• Bloopers (4 min.; HD): Fist-sized chunks of Role Models were improvised, and some of the lines that were so devastatingly hysterical that they cracked up the rest of the cast and made 'em break character are tossed on here.
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  • On the Set of Role Models (8 min.; HD): The title may make it sound like this is gonna be another lightweight, paint-by-numbers EPK for Comedy Central or something, but nope. "On the Set..." digs into the collaborative writing process, sifting through The State and Apatow stables to line up a cast who can field a flick with this kind of improvisational bent, and -- why not? -- nipple flicking.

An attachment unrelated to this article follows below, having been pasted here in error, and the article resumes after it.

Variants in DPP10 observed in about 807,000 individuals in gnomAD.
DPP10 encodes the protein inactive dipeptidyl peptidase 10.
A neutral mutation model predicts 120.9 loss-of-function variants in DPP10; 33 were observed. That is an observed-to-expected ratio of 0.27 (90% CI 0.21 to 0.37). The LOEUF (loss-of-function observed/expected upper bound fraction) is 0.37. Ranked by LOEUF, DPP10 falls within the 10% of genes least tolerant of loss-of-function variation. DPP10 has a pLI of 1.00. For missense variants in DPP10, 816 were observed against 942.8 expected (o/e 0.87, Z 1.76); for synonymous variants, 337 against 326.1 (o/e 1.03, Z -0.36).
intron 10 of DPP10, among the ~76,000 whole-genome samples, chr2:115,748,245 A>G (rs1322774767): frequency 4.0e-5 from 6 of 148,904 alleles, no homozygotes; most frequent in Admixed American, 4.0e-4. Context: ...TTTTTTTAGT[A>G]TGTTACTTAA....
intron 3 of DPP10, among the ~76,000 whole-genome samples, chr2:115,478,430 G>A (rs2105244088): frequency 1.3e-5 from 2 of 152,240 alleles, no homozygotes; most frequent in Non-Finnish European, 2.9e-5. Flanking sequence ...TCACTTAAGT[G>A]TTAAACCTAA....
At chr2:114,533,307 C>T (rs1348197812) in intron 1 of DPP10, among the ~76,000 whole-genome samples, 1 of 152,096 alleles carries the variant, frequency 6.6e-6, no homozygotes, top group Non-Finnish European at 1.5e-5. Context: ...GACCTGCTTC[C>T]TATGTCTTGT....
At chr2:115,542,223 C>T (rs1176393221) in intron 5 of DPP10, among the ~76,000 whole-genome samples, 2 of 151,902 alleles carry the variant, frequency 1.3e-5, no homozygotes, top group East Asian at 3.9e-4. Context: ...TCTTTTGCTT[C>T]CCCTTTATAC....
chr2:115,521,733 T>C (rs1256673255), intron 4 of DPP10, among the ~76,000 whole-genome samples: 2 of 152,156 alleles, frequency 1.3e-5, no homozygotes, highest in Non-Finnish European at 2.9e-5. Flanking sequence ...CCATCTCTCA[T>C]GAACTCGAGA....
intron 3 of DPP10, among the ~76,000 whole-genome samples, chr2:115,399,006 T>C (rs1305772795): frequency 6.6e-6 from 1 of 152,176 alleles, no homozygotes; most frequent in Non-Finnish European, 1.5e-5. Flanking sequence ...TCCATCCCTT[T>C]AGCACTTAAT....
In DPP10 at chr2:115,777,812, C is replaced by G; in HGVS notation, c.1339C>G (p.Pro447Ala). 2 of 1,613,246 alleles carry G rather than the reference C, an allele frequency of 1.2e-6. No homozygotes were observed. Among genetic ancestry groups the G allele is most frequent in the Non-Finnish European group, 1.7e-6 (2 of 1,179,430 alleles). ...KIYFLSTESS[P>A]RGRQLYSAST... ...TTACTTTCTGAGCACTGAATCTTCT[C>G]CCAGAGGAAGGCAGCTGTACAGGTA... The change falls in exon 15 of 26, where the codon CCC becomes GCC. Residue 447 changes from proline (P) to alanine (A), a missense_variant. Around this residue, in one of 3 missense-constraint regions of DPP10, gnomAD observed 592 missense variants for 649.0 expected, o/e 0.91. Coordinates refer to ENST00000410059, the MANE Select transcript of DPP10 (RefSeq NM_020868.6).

• Game On: Creating a Role Playing World (9 min.; HD): This featurette digs into the whole live action role playing thing, from the intense amount of research that went into it (there's even a LARP advisor on the payroll!), training for battle with a Bourne alum, the elaborate costuming, and...y'know, goofing around.

  • In Character and Off-Script (8 min.; HD): Martin Gary, Kuzzik, and Davith of Glencracken score a few more minutes each in front of the camera with this set of not-dropping-character improvised interviews, and they pile on tales of unrequited romance, Xanthian lore, and failed falconing.

  • Ye Olde Crest Maker (HD): 'Spretty much what it sounds like. Pick a shape, a color, a border, and a little icon -- with four choices a pop -- and save your creations or share 'em online. This is just a tech demo, really, and there are too few options to hammer out anything really creative, but...whatever.